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Thursday 28 August 2014

New home for Maia Dunphy – and furry friends too

Kirsty Blake Knox

Published 24/03/2014 | 02:30

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Maia Dunphy with terrier puppies "Scooby," "Daphne" and "Velma" at the Dogs Trust in Finglas. Photo: Fran Veale
Maia Dunphy with terrier puppies "Scooby," "Daphne" and "Velma" at the Dogs Trust in Finglas. Photo: Fran Veale
Maia Dunphy with Heath and Bracken, Husky cross pups at the Dogs Trust in Finglas. Photo: Fran Veale
Maia Dunphy with Heath and Bracken, Husky cross pups at the Dogs Trust in Finglas. Photo: Fran Veale

SHE'S finally to set up home with her husband Johnny Vegas after three years of marriage.

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And broadcaster Maia Dunphy is now appealing to people for a new home for abandoned dogs.

The 37-year-old was on hand to announce the construction of a new wing at the Dogs Trust Ireland yesterday.

The "puppy wing" will nurse abandoned puppies back to health and find them happy homes.

"I don't own any puppies myself, but I am animal mad," said Maia. "We always had lots of dogs running around when I was growing up."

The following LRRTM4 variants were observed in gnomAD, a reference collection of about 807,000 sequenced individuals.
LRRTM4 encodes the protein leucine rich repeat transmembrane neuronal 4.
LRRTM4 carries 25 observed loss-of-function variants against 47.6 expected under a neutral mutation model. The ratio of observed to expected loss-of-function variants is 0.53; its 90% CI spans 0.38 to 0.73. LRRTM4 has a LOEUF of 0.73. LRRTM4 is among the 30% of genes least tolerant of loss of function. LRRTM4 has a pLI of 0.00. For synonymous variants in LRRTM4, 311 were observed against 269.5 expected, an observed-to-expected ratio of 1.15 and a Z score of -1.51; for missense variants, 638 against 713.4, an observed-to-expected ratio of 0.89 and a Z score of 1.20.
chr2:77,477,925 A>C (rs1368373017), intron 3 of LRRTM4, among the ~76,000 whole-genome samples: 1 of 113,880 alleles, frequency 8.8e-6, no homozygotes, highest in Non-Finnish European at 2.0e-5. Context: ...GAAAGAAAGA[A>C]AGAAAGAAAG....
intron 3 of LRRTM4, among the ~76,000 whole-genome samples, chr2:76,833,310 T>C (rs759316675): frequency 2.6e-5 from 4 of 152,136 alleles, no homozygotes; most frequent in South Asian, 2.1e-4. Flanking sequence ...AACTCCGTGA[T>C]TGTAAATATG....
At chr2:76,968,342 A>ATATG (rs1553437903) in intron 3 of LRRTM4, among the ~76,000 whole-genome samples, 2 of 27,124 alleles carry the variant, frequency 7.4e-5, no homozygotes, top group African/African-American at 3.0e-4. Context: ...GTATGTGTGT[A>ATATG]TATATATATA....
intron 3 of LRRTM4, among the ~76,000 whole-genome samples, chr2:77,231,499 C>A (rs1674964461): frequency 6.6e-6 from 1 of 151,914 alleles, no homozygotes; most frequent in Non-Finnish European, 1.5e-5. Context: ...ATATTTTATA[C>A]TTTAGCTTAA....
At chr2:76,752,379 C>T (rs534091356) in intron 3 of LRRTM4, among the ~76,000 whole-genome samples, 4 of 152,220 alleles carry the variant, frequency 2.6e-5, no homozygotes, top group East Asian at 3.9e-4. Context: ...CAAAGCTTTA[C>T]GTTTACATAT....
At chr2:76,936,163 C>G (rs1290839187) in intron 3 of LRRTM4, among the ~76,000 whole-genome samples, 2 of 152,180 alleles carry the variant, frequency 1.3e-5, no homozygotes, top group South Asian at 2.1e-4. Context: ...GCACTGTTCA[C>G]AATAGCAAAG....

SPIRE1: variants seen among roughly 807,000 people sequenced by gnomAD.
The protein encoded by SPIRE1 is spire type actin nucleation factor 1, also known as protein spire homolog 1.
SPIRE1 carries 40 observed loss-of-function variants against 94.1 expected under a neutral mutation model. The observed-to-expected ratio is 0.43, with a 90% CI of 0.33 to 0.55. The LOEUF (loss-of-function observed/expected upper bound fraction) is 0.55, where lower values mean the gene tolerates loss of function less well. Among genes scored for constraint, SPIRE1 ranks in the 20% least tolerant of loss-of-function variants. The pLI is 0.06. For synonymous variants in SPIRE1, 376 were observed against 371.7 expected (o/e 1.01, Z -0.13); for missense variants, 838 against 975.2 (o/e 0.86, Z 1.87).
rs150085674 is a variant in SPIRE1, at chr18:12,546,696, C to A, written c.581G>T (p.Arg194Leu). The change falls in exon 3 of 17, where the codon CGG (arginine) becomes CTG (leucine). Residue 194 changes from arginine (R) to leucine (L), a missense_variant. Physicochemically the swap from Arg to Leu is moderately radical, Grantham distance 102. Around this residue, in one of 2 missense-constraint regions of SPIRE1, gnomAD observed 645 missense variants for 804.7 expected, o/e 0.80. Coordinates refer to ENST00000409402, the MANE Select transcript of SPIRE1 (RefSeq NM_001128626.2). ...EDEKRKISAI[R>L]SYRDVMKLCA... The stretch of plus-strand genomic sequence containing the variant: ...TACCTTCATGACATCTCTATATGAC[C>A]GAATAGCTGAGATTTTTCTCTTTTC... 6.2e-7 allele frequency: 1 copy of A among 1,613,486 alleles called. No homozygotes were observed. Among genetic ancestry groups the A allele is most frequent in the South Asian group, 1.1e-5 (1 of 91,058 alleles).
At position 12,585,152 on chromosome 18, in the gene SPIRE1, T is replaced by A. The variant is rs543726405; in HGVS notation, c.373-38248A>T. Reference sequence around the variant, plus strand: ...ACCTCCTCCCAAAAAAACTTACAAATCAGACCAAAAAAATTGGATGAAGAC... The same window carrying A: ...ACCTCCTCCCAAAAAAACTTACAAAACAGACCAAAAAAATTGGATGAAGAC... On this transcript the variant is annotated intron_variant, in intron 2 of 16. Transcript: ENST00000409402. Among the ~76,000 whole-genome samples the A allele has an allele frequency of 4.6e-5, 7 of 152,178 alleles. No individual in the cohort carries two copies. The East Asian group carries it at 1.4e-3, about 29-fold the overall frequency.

She is currently preparing to move to London to live with her comedian husband after they conducted a long-distance relationship since their marriage.

Ireland remains the "puppy farming capital of Europe", with over 90,000 pups being bred in the country each year.

As a result of puppy farming, an estimated 5,500 dogs are destroyed in Ireland each year – and according to Dogs Trust spokesperson Katrina Bentley, this number could rise in 2014.

"People are going online and buying puppies. This encourages unscrupulous breeders to breed dogs for money rather than their wellbeing," Bentley told the Irish Independent.

"The number of puppies abandoned has increased tenfold since last year.

"We have had breeders ringing in and asking if we provide a 'pick-up' service for unwanted pups, while others simply dump boxes of puppies on the side of the road."

The new wing, which will cost €1.5m to construct, will save the lives of roughly 500 puppies each year. It will also create seven new staff jobs for specialist puppy canine carers and veterinarians.

Irish Independent

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